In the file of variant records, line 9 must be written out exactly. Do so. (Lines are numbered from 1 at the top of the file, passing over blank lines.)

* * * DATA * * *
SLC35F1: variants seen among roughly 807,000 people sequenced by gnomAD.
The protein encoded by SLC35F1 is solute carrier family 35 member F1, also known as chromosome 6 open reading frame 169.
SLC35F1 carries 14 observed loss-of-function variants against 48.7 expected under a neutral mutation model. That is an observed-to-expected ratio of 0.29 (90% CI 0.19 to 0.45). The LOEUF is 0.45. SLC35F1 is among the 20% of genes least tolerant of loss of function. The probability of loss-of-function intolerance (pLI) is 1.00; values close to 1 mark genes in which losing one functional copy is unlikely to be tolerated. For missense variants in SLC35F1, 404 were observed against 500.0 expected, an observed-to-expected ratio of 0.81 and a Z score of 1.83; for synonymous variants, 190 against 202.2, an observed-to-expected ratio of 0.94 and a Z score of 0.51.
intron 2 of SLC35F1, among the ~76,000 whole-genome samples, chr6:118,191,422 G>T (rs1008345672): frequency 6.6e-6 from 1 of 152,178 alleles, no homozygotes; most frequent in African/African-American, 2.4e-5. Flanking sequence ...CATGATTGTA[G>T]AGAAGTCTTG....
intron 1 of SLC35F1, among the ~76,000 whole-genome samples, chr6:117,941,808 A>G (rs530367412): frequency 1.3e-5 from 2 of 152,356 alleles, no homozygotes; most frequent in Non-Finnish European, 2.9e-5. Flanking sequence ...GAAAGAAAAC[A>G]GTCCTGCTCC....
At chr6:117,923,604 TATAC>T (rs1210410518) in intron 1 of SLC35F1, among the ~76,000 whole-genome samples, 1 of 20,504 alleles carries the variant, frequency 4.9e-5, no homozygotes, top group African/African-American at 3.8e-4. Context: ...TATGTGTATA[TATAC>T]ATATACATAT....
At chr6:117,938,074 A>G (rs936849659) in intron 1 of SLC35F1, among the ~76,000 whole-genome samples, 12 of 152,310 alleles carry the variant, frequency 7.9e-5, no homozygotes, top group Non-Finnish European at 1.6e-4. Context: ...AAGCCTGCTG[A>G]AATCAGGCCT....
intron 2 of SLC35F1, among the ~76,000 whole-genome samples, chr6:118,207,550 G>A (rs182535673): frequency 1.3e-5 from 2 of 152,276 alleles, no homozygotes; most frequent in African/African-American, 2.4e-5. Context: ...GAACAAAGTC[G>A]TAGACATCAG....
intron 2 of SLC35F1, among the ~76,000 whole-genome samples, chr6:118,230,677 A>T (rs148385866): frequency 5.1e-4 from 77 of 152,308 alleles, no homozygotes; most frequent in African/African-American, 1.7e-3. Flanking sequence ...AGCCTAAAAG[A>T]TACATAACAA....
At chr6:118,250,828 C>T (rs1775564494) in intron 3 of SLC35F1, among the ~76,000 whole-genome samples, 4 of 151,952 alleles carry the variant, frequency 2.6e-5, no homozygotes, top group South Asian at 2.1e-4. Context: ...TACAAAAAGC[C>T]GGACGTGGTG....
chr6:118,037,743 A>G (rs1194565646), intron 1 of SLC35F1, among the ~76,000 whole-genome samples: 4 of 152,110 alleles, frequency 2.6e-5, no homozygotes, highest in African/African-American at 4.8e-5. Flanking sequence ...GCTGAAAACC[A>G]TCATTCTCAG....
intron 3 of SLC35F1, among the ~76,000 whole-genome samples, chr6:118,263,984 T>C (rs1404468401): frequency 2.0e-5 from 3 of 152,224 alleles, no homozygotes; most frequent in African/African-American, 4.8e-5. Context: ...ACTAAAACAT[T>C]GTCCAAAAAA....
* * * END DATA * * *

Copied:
intron 2 of SLC35F1, among the ~76,000 whole-genome samples, chr6:118,230,677 A>T (rs148385866): frequency 5.1e-4 from 77 of 152,308 alleles, no homozygotes; most frequent in African/African-American, 1.7e-3. Flanking sequence ...AGCCTAAAAG[A>T]TACATAACAA....